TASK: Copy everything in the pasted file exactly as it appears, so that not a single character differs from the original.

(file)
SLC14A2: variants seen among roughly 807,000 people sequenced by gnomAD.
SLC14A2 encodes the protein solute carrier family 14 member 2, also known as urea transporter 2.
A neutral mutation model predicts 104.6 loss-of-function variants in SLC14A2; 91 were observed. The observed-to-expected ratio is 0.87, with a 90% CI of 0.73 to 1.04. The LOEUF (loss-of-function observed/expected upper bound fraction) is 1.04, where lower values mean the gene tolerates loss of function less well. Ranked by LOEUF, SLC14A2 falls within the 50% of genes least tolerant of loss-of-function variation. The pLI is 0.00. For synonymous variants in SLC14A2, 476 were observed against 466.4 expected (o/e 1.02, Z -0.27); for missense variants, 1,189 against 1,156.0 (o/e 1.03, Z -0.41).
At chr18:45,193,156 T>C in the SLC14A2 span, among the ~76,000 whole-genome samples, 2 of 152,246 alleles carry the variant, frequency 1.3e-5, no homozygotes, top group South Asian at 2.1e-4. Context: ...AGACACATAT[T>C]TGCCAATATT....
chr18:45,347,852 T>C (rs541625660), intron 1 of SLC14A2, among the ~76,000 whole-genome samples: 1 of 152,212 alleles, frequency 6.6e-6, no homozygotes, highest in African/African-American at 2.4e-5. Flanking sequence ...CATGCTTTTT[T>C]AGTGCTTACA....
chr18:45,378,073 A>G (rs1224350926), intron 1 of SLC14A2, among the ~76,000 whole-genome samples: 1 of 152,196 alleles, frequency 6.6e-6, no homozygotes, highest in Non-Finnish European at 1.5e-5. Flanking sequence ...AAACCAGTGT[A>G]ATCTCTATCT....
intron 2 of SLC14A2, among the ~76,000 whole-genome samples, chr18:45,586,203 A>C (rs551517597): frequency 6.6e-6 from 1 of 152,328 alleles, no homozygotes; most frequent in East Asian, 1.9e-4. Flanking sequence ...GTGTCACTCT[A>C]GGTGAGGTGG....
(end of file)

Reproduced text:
SLC14A2: variants seen among roughly 807,000 people sequenced by gnomAD.
SLC14A2 encodes the protein solute carrier family 14 member 2, also known as urea transporter 2.
A neutral mutation model predicts 104.6 loss-of-function variants in SLC14A2; 91 were observed. The observed-to-expected ratio is 0.87, with a 90% CI of 0.73 to 1.04. The LOEUF (loss-of-function observed/expected upper bound fraction) is 1.04, where lower values mean the gene tolerates loss of function less well. Ranked by LOEUF, SLC14A2 falls within the 50% of genes least tolerant of loss-of-function variation. The pLI is 0.00. For synonymous variants in SLC14A2, 476 were observed against 466.4 expected (o/e 1.02, Z -0.27); for missense variants, 1,189 against 1,156.0 (o/e 1.03, Z -0.41).
At chr18:45,193,156 T>C in the SLC14A2 span, among the ~76,000 whole-genome samples, 2 of 152,246 alleles carry the variant, frequency 1.3e-5, no homozygotes, top group South Asian at 2.1e-4. Context: ...AGACACATAT[T>C]TGCCAATATT....
chr18:45,347,852 T>C (rs541625660), intron 1 of SLC14A2, among the ~76,000 whole-genome samples: 1 of 152,212 alleles, frequency 6.6e-6, no homozygotes, highest in African/African-American at 2.4e-5. Flanking sequence ...CATGCTTTTT[T>C]AGTGCTTACA....
chr18:45,378,073 A>G (rs1224350926), intron 1 of SLC14A2, among the ~76,000 whole-genome samples: 1 of 152,196 alleles, frequency 6.6e-6, no homozygotes, highest in Non-Finnish European at 1.5e-5. Flanking sequence ...AAACCAGTGT[A>G]ATCTCTATCT....
intron 2 of SLC14A2, among the ~76,000 whole-genome samples, chr18:45,586,203 A>C (rs551517597): frequency 6.6e-6 from 1 of 152,328 alleles, no homozygotes; most frequent in East Asian, 1.9e-4. Flanking sequence ...GTGTCACTCT[A>C]GGTGAGGTGG....